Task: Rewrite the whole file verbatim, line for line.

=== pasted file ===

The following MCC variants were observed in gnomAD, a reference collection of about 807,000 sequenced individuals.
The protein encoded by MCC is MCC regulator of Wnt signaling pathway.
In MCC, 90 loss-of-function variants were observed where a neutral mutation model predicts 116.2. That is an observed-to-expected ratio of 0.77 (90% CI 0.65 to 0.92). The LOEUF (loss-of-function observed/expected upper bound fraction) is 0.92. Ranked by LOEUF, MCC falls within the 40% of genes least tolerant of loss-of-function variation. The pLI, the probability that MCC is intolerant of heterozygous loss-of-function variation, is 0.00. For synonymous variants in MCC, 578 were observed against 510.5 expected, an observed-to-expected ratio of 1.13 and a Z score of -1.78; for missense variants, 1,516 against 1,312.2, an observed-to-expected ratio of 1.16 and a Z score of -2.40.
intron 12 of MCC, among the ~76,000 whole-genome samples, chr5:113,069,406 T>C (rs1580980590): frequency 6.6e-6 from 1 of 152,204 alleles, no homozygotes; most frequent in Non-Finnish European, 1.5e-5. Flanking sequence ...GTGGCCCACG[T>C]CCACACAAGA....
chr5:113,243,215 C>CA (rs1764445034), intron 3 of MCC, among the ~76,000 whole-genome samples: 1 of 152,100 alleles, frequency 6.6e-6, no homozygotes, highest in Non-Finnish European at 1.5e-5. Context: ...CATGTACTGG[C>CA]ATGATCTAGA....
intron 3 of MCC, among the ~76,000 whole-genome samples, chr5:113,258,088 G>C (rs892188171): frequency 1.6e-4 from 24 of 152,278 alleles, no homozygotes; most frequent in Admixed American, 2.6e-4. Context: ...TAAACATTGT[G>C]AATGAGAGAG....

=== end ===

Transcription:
The following MCC variants were observed in gnomAD, a reference collection of about 807,000 sequenced individuals.
The protein encoded by MCC is MCC regulator of Wnt signaling pathway.
In MCC, 90 loss-of-function variants were observed where a neutral mutation model predicts 116.2. That is an observed-to-expected ratio of 0.77 (90% CI 0.65 to 0.92). The LOEUF (loss-of-function observed/expected upper bound fraction) is 0.92. Ranked by LOEUF, MCC falls within the 40% of genes least tolerant of loss-of-function variation. The pLI, the probability that MCC is intolerant of heterozygous loss-of-function variation, is 0.00. For synonymous variants in MCC, 578 were observed against 510.5 expected, an observed-to-expected ratio of 1.13 and a Z score of -1.78; for missense variants, 1,516 against 1,312.2, an observed-to-expected ratio of 1.16 and a Z score of -2.40.
intron 12 of MCC, among the ~76,000 whole-genome samples, chr5:113,069,406 T>C (rs1580980590): frequency 6.6e-6 from 1 of 152,204 alleles, no homozygotes; most frequent in Non-Finnish European, 1.5e-5. Flanking sequence ...GTGGCCCACG[T>C]CCACACAAGA....
chr5:113,243,215 C>CA (rs1764445034), intron 3 of MCC, among the ~76,000 whole-genome samples: 1 of 152,100 alleles, frequency 6.6e-6, no homozygotes, highest in Non-Finnish European at 1.5e-5. Context: ...CATGTACTGG[C>CA]ATGATCTAGA....
intron 3 of MCC, among the ~76,000 whole-genome samples, chr5:113,258,088 G>C (rs892188171): frequency 1.6e-4 from 24 of 152,278 alleles, no homozygotes; most frequent in Admixed American, 2.6e-4. Context: ...TAAACATTGT[G>C]AATGAGAGAG....